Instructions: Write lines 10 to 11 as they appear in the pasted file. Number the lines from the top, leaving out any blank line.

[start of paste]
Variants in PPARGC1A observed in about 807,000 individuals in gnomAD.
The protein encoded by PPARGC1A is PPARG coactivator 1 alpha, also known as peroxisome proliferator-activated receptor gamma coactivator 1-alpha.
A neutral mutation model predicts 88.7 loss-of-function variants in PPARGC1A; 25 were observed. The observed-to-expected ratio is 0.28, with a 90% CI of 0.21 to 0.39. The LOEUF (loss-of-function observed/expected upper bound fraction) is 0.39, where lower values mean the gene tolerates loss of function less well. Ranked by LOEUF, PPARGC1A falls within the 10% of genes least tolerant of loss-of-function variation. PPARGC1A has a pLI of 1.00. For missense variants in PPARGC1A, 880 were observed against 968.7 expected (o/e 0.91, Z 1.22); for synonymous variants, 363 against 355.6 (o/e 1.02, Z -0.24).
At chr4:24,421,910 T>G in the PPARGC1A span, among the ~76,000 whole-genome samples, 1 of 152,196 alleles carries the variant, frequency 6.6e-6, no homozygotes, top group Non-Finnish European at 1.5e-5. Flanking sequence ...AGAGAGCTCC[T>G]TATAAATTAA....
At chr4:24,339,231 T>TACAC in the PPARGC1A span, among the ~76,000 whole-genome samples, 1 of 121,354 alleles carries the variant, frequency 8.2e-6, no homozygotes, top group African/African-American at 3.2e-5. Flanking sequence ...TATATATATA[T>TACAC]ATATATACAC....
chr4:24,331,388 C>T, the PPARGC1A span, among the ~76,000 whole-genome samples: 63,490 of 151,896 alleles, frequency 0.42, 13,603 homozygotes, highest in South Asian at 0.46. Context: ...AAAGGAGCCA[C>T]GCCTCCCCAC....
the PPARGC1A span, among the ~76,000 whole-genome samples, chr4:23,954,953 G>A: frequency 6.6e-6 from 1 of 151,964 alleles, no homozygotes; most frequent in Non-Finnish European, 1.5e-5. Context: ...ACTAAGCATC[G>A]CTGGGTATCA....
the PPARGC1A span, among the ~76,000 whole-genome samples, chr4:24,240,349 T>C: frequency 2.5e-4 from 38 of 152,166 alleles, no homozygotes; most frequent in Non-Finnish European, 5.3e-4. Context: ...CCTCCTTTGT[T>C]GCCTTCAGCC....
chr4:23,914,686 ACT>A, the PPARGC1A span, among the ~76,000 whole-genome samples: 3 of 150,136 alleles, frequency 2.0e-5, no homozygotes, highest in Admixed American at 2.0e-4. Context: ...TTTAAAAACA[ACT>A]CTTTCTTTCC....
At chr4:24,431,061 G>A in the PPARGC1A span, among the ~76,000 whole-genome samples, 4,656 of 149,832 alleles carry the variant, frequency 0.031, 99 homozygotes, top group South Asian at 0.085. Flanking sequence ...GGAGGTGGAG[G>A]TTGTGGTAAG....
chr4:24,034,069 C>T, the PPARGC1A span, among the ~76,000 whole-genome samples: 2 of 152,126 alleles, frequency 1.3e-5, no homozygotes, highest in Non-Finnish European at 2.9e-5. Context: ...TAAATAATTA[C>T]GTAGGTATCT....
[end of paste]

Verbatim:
At chr4:24,431,061 G>A in the PPARGC1A span, among the ~76,000 whole-genome samples, 4,656 of 149,832 alleles carry the variant, frequency 0.031, 99 homozygotes, top group South Asian at 0.085. Flanking sequence ...GGAGGTGGAG[G>A]TTGTGGTAAG....
chr4:24,034,069 C>T, the PPARGC1A span, among the ~76,000 whole-genome samples: 2 of 152,126 alleles, frequency 1.3e-5, no homozygotes, highest in Non-Finnish European at 2.9e-5. Context: ...TAAATAATTA[C>T]GTAGGTATCT....